NEW YORK--Edgar Bronfman Jr., CEO of Warner Music Group and heir to a huge beverage fortune, received more than $17 million in total compensation for the year 2008, even as he and his managers were laying off hundreds of employees and claiming that online piracy was to blame for much of the music industry's financial woes.
This was one of the facts that a jury was shown in federal court here today, as lawyers for Mark Gorton, the man behind the LimeWire file-sharing system, attempted to show that the file-sharing service he founded was not solely to blame for declining music sales and the industry's shrinking number of jobs. Joseph Baio, Gorton's lawyer, tried to influence the jury by painting a picture of record labels led by fat cat executives who in some cases paid themselves huge sums and were too slow to react to major technological shifts in their industry. Some of the trouble, Baio suggested, was caused by the record companies' own poor stewardship.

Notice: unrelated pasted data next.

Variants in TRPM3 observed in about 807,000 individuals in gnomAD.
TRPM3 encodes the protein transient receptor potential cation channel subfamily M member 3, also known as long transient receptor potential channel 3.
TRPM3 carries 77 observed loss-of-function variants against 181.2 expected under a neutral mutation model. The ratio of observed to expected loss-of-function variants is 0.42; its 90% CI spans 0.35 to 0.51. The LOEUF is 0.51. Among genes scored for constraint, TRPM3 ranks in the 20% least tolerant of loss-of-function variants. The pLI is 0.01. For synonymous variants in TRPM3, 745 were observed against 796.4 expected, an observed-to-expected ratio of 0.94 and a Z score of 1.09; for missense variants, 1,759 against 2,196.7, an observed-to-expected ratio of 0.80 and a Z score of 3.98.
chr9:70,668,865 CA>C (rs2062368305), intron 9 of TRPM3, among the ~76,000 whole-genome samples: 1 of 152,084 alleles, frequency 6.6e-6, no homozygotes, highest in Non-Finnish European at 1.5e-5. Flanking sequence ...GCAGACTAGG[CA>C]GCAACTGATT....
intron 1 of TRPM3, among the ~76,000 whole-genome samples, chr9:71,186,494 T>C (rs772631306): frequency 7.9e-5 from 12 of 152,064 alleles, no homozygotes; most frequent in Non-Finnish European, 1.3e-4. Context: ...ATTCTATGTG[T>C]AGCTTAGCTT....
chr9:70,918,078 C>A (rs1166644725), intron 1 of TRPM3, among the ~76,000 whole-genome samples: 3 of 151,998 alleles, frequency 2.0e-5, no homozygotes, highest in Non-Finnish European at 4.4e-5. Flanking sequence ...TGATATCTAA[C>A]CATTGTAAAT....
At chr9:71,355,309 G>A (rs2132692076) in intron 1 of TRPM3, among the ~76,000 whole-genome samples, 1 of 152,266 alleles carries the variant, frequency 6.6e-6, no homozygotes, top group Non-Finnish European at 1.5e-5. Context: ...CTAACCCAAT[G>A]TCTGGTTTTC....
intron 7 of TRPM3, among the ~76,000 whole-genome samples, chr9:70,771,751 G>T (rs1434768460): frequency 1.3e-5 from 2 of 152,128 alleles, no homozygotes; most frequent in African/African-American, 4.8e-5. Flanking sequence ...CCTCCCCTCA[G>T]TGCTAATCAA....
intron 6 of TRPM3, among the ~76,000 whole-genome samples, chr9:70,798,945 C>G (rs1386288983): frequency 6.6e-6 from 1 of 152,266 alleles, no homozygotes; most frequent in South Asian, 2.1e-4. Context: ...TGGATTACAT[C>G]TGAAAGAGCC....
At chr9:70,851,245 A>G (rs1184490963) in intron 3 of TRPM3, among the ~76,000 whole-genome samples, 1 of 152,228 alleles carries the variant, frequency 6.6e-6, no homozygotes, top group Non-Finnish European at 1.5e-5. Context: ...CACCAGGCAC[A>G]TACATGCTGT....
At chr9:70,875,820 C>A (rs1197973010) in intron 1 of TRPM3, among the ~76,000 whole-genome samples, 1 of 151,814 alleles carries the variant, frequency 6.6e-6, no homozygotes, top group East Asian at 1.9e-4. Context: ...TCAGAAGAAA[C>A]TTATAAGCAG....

As a result of a lawsuit filed by the Recording Industry Association of America in 2006, U.S. District Judge Kimba Wood found Gorton and Lime Wire, the company behind the popular file-sharing service of the same name, liable last year for willful copyright infringement. A jury is now deciding how much Gorton will pay in damages. The amount could be as high as $1.4 billion.
In an attempt to convince the jury that Gorton deserves to pay a huge financial penalty, RIAA lawyers have tried to prove that Gorton and his service--which was used to obtain songs without paying for them--cost the music industry billions in revenues as well as thousands of jobs. … Read more